Home World News 11 Billion Pieces of Plastic Contaminate And Kill The World’s Coral Reefs

11 Billion Pieces of Plastic Contaminate And Kill The World’s Coral Reefs

Not only are coral reefs susceptible to climate change, but their complex structure is vulnerable to various man-made threats like plastic.

The marine life and the world’s precious coral reefs are in danger because of plastic pollution, a four-year study said. About 11 billion of plastic particles in the oceans are spreading disease on the world’s coral reefs.

The world’s coral reefs are getting sick because of plastic.

A new study published in the journal Science, which spanned to more than 100,000 reef-building corals in the Asia-Pacific region, found that the plastic on reefs spread pathogens or disease-causing microorganisms that cause lethal disease outbreaks.

In fact, the researchers at Cornell University in the United States revealed that when these plastic pieces touch the corals, the risk of getting sick soars from just four percent to a staggering 89 percent.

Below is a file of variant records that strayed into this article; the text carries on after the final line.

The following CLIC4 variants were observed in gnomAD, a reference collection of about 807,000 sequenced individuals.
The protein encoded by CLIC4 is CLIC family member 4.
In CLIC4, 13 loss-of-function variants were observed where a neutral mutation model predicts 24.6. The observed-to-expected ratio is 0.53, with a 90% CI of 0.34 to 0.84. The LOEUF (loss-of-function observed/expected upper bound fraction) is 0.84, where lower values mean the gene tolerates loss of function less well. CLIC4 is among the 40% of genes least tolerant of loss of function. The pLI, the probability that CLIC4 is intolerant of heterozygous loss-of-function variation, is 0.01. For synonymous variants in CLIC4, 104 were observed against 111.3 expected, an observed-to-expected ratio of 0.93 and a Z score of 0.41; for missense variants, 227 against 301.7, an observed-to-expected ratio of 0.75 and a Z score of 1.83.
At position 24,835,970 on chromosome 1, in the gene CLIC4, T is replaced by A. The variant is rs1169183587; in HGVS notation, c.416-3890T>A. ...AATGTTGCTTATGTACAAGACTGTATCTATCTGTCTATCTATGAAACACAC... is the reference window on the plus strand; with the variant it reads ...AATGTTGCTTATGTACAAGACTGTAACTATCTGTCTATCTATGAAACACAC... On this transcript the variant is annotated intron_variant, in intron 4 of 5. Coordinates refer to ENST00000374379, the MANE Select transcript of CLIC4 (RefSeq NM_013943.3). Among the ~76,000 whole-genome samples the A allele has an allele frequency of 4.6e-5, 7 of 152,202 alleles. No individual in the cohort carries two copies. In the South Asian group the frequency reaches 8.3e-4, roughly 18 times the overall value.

The team found that over one-third of the 159 coral reefs they studied was already contaminated with plastic.

The researchers said in the study:

“We estimate that 11.1 billion plastic items are entangled on coral reefs across the Asia-Pacific and project this number to increase 40 percent by 2025.”

“Plastic waste management is critical for reducing diseases that threaten ecosystem health and human livelihoods.”

Plastic has a wide range of negative effects on coral reefs. The trash and waste materials dumped on land can carry harmful pathogens to the sea.

The already vulnerable and damaged coral reefs from the increasing water temperatures could have scratches that make it possible for bacteria to enter, causing infection.

Since coral reefs are vital to people and wildlife, disease outbreaks may put a risk on the survival of the most biodiverse ecosystems on Earth.

Coral reefs shelter many baby fish and marine life that provide food for millions of people, and they serve as buffers that help protect coasts from storm surge.

This study should serve as a wake-up call to all humans and government officials across the globe.

Humans should be responsible enough to reduce plastic waste as much as possible. Reusing, reducing and recycling plastic and other non-biodegradable waste products are important ways that we can do to help our oceans, coral reefs, and marine life.

Photo: elitereaders

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